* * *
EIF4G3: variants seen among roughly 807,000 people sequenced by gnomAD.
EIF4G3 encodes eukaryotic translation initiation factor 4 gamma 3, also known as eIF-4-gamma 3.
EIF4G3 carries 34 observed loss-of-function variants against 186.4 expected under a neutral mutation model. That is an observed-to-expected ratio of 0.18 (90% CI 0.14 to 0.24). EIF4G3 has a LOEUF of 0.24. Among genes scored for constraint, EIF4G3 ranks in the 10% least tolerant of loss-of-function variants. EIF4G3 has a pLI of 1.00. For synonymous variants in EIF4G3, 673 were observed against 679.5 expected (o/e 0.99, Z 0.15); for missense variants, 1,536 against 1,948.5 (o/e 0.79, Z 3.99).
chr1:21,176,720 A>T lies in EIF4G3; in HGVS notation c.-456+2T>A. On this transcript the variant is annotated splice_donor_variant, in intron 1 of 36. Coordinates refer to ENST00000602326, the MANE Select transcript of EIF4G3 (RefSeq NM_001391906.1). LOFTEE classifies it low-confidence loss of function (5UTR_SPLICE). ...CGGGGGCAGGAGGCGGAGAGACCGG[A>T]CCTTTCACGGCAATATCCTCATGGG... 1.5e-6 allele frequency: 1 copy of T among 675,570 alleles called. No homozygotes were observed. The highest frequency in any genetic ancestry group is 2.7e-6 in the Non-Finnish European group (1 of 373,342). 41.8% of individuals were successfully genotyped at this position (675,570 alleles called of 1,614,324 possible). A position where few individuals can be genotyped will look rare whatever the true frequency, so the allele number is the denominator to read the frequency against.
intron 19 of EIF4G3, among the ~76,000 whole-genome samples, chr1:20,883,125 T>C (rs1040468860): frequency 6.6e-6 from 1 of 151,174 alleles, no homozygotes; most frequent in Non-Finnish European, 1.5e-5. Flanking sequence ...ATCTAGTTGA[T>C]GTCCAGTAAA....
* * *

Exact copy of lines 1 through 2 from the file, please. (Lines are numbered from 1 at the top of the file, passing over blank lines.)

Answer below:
EIF4G3: variants seen among roughly 807,000 people sequenced by gnomAD.
EIF4G3 encodes eukaryotic translation initiation factor 4 gamma 3, also known as eIF-4-gamma 3.